This reveals a challenging paradox that our country still has not solved. We all want to pursue the American Dream, but we also still want to be generous and good people. Our highly consumeristic and capitalistic culture tells us that we should constantly be pushing for economic success, that having a big house, numerous cars, and nice things is a reward for our hard work, and that these purchases are socially beneficial because they power the economy to keep everyone advancing along the American Dream. At the same time, we still manage to feel compassion for those who fall on hard times, and we want to have a social system, especially one backed by the government, that helps people when in need. However, we hate the system we have developed for that purpose.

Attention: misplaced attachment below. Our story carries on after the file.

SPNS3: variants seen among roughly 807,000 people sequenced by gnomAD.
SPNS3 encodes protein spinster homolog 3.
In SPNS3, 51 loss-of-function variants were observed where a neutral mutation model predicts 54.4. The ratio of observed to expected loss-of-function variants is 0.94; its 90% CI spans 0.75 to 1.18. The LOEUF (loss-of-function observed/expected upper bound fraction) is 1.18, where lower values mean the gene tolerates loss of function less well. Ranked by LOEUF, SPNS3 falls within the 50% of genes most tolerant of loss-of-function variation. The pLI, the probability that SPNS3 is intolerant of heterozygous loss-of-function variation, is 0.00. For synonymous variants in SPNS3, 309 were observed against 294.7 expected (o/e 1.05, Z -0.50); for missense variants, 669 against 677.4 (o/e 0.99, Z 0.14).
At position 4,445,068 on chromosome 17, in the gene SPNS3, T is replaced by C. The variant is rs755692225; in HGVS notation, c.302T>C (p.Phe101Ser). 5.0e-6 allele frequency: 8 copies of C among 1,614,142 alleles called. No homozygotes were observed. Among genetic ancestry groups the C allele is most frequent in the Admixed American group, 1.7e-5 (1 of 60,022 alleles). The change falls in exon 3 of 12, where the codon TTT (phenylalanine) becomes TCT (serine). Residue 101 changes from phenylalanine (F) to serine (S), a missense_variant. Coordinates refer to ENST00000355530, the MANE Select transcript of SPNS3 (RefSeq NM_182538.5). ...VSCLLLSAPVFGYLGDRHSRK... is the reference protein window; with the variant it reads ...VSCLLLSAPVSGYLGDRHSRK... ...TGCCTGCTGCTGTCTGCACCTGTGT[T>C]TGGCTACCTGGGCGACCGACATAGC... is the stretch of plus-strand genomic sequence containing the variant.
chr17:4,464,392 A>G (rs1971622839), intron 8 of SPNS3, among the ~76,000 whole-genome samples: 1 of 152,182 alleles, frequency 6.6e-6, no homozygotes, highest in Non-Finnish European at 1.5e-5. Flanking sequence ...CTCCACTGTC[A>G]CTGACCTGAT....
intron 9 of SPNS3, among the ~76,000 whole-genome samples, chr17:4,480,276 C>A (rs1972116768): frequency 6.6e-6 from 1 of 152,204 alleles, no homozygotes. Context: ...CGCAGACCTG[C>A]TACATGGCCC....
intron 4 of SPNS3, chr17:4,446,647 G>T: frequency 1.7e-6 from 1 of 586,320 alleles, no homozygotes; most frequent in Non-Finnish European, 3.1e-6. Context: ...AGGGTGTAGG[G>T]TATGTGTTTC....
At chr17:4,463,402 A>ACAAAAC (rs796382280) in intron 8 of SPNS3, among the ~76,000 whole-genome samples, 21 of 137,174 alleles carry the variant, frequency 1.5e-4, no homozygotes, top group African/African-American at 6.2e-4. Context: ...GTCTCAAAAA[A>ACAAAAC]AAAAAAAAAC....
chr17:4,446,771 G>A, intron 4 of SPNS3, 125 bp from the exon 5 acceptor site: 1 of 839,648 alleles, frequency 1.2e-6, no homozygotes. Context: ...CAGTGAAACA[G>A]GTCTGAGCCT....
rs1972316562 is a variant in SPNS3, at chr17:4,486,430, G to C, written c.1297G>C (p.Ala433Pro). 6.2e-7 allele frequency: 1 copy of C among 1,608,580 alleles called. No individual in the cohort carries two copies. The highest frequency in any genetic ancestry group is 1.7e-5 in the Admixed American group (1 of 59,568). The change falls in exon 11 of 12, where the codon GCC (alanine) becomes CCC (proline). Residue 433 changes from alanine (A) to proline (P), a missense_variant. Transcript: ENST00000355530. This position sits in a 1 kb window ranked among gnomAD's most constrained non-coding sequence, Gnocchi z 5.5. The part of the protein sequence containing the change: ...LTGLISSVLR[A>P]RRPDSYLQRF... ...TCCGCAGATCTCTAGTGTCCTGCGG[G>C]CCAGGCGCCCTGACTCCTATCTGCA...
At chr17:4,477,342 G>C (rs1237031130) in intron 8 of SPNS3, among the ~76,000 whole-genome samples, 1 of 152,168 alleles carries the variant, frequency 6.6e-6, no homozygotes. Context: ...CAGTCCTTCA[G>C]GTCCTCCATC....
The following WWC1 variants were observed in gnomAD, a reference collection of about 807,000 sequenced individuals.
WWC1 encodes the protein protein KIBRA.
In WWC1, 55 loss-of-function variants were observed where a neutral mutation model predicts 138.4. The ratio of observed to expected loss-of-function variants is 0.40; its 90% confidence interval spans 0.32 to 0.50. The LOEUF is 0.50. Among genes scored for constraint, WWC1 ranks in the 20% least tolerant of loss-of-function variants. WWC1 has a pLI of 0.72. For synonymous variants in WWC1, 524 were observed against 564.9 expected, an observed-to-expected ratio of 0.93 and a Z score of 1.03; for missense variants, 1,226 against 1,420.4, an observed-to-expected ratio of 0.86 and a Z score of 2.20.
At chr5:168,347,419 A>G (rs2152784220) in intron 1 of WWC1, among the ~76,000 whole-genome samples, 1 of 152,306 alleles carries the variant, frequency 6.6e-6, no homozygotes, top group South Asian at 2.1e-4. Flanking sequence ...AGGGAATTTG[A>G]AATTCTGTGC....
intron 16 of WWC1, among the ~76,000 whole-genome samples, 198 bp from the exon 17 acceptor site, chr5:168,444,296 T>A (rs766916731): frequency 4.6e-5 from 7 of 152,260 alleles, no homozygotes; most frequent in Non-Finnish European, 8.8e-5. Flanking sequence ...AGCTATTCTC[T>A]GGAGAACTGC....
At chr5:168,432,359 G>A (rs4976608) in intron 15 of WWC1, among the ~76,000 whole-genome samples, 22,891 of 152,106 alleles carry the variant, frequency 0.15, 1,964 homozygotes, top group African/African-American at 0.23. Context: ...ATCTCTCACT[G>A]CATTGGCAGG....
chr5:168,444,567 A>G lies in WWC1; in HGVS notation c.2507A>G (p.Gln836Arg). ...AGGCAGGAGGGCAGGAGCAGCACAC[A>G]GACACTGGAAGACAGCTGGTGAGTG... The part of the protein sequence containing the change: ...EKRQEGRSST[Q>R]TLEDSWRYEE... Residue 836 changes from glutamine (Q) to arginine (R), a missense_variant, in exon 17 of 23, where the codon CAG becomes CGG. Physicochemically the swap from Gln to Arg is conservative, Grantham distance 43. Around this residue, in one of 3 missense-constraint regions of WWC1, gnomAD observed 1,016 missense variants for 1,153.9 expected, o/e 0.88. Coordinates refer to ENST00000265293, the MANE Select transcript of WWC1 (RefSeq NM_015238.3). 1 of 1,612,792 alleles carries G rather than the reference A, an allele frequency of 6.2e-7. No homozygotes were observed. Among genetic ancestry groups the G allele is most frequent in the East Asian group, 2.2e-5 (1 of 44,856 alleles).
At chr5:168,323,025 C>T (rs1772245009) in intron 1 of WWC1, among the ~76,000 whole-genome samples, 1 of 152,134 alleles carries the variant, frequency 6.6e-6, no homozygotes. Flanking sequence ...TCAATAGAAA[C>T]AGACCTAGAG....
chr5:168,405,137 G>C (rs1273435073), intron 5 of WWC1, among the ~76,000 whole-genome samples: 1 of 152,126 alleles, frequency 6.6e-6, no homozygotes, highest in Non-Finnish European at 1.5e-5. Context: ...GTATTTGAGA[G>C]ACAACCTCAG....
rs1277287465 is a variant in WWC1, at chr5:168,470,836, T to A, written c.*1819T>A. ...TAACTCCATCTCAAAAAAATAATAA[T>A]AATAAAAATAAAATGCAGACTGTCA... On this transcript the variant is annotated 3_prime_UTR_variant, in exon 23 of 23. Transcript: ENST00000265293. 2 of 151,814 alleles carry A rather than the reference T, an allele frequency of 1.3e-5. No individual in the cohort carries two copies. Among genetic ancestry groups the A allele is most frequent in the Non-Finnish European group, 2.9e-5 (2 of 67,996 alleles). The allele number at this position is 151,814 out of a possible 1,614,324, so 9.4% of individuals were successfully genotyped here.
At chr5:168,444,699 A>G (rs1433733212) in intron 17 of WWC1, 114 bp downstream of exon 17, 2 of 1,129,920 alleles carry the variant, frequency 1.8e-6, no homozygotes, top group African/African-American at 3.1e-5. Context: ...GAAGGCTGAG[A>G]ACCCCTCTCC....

We have developed highly individualistic institutions to support our American Dream and our consumer culture.  We strive to live in the best neighborhood possible, economically segregating ourselves from lower socioeconomic status individuals and families. We push ourselves to constantly work harder, maintaining longer work weeks and hours than most other western, educated, industrialized, rich, democratic countries. We spend our time as part of professional organizations more than as part of social missions. Nevertheless, we still want to help the poor who we run away from. We still want government (someone else) to solve the problems of people who fail in our capitalistic society. We want to be generous, but we only invest in the institutions which have furthered our own individualistic paths toward the American Dream, leaving others behind. We don’t have the institutions which would truly help those in need, and we chide the welfare institutions that do help them. This is the paradox we face, and the only way to get out is to find new institutions that allow us to continue to work toward a version of the American Dream while simultaneously being more socially active.